Distributed Generation versus Centralised Supply: a Social Cost-Benefit Analysis
AbstractThis paper attempts to verify whether we are moving towards a new paradigm of the network energy industry (electricity and natural gas), based on a wide decentralisation of the energy supply. We do this by comparing the social benefits of decentralised and centralised models, simulating “ideal” situations in which any source of allocative inefficiencies is eliminated. This comparison focuses on assessing internal and external benefits. The internal benefits are calculated by simulating the optimal prices of the electricity and gas inputs. The external benefits are estimated by applying the “ExternE” methodology, one of the most recent and accurate approaches in this field. The paper rejects the hypothesis that we are moving towards a new paradigm and points out how the considerable interest in the deployment of distributed generation (DG) is probably due to market distortions, in some cases, enforced by market reforms. In this respect, the paper reflects upon the real effectiveness of such reforms as well as the overall efficiency of the environmental policies focusing on the reduction of green-house gas emissions.
Download InfoIf you experience problems downloading a file, check if you have the proper application to view it first. In case of further problems read the IDEAS help page. Note that these files are not on the IDEAS site. Please be patient as the files may be large.
Bibliographic InfoPaper provided by Faculty of Economics, University of Cambridge in its series Cambridge Working Papers in Economics with number 0336.
Date of creation: Jul 2003
Date of revision:
Contact details of provider:
Web page: http://www.econ.cam.ac.uk/index.htm
Distributed Generation; Social Cost-Benefit Analysis; Energy Economics; Environmental Economics; Technological Change;
Find related papers by JEL classification:
- L51 - Industrial Organization - - Regulation and Industrial Policy - - - Economics of Regulation
- L94 - Industrial Organization - - Industry Studies: Transportation and Utilities - - - Electric Utilities
- L95 - Industrial Organization - - Industry Studies: Transportation and Utilities - - - Gas Utilities; Pipelines; Water Utilities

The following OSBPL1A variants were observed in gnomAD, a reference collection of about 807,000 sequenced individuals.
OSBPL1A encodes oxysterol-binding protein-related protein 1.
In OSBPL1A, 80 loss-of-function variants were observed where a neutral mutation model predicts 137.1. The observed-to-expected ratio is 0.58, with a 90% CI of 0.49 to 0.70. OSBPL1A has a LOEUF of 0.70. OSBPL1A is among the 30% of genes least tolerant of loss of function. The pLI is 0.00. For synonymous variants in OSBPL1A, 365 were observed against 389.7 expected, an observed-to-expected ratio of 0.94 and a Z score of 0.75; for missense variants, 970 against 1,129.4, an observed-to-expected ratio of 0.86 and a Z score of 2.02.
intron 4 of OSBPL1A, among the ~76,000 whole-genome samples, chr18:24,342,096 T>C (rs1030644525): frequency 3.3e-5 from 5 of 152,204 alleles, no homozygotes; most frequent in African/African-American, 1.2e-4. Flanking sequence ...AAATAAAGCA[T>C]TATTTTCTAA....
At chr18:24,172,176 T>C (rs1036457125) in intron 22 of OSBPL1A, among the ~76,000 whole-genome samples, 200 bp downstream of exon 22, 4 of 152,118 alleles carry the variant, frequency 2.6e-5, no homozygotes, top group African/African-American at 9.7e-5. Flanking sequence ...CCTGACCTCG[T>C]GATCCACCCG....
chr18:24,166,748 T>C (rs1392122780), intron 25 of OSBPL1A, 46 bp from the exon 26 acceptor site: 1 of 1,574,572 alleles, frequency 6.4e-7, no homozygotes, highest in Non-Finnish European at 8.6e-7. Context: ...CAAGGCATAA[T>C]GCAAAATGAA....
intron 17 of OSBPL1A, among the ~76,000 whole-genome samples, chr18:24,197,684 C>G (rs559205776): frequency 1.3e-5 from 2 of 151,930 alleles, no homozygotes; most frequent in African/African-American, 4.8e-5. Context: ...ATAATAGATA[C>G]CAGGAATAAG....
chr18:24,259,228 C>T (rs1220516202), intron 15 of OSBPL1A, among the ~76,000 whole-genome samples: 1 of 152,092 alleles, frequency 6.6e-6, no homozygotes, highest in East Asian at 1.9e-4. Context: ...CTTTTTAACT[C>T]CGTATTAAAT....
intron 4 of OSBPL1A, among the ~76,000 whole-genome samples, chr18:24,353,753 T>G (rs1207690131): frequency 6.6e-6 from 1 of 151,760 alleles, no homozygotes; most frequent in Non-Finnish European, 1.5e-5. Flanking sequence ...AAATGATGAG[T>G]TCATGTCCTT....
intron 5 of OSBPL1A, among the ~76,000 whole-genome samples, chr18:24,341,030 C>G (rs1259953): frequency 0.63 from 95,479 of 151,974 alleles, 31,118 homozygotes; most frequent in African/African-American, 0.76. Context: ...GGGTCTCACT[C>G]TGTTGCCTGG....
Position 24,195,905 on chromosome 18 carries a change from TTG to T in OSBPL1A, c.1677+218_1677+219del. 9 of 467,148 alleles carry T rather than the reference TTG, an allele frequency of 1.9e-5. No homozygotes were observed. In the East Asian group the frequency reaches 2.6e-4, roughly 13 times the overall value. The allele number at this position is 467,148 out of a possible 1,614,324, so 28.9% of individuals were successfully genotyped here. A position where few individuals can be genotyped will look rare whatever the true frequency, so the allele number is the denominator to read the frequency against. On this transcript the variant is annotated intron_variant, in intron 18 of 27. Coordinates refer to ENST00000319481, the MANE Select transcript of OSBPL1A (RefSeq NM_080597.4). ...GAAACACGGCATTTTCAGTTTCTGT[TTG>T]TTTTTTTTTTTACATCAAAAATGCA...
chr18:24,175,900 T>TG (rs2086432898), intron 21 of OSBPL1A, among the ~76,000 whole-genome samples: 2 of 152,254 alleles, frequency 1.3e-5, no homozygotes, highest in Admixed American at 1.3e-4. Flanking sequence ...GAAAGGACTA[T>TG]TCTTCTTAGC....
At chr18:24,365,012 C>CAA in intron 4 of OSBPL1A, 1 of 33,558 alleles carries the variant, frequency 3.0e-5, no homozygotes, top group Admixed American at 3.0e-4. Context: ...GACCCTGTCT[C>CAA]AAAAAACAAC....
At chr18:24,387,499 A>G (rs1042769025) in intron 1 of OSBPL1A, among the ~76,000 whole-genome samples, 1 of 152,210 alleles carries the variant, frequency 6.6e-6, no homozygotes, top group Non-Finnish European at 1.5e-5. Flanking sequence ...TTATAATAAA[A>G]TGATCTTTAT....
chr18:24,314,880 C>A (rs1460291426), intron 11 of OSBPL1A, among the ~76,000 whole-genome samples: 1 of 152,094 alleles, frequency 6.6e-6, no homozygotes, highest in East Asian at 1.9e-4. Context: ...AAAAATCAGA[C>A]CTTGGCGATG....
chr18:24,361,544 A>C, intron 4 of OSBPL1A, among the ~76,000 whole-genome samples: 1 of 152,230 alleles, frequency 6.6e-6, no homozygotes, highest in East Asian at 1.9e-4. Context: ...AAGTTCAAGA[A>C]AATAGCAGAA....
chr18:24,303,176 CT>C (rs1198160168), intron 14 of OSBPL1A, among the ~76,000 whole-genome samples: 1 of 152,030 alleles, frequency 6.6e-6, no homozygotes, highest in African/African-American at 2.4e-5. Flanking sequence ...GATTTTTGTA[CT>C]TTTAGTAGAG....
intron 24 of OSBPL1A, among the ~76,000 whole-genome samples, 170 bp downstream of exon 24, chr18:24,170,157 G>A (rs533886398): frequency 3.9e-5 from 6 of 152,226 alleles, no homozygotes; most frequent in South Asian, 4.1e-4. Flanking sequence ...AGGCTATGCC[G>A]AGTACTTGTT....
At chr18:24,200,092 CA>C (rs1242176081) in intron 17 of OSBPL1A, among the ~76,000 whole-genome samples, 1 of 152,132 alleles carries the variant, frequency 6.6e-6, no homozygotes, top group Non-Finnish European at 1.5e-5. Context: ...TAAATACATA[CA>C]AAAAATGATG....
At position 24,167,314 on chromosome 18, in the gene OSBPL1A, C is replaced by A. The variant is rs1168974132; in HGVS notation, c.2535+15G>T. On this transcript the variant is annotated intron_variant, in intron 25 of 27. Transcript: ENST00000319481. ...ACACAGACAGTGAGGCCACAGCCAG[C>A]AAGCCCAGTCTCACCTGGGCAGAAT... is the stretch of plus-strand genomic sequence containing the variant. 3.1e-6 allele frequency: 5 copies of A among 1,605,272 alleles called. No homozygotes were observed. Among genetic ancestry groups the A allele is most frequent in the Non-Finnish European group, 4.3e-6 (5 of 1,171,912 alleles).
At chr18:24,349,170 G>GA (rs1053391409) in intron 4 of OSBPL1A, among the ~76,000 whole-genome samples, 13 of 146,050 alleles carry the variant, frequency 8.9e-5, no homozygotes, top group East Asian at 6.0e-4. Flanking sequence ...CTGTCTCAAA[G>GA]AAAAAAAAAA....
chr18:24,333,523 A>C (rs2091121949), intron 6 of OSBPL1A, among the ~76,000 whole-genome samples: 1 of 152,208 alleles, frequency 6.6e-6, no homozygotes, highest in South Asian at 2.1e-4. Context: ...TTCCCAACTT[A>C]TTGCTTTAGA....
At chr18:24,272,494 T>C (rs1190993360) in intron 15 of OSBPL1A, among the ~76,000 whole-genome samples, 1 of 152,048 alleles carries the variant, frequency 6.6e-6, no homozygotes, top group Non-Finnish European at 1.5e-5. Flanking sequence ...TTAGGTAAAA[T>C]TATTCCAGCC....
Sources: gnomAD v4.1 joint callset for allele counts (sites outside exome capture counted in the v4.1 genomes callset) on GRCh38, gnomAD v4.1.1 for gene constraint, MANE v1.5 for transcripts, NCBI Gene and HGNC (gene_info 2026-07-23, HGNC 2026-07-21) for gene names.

- O34 - Economic Development, Technological Change, and Growth - - Technological Change; Research and Development; Intellectual Property Rights - - - Intellectual Property and Intellectual Capital
- Q20 - Agricultural and Natural Resource Economics; Environmental and Ecological Economics - - Renewable Resources and Conservation - - - General
- Q30 - Agricultural and Natural Resource Economics; Environmental and Ecological Economics - - Nonrenewable Resources and Conservation - - - General
This paper has been announced in the following NEP Reports:
- NEP-ALL-2003-07-29 (All new papers)
Please report citation or reference errors to , or , if you are the registered author of the cited work, log in to your RePEc Author Service profile, click on "citations" and make appropriate adjustments.:
- Richard Schmalensee, 1993. "Symposium on Global Climate Change," Journal of Economic Perspectives, American Economic Association, vol. 7(4), pages 3-10, Fall.
- Baumol, William J & Bradford, David F, 1970. "Optimal Departures from Marginal Cost Pricing," American Economic Review, American Economic Association, vol. 60(3), pages 265-83, June.
- Jay Morse, 1997. "Regulatory Policy Regarding Distributed Generation by Utilities: The Impact of Restructuring," The Energy Journal, International Association for Energy Economics, vol. 0(Special I), pages 187-210.
- Newbery, D.M. & Pollitt, M.G., 1996. "The Restructuring and Privatisation of the CEGB: Was It Worth It?," Cambridge Working Papers in Economics 9607, Faculty of Economics, University of Cambridge.
- Severin Borenstein & James Bushnell & Christopher R. Knittel, 1999.
"Market Power in Electricity Markets: Beyond Concentration Measures,"
The Energy Journal,
International Association for Energy Economics, vol. 0(Number 4), pages 65-88.
- Borenstein, Severin & Bushnell, James & Knittel, Chris, 1999. "Market Power in Electricity Markets: Beyond Concentration Measures," Staff General Research Papers 31548, Iowa State University, Department of Economics.
- Stirling, Andrew, 1997. "Limits to the value of external costs," Energy Policy, Elsevier, vol. 25(5), pages 517-540, April.
For technical questions regarding this item, or to correct its authors, title, abstract, bibliographic or download information, contact: (Howard Cobb).
If references are entirely missing, you can add them using this form.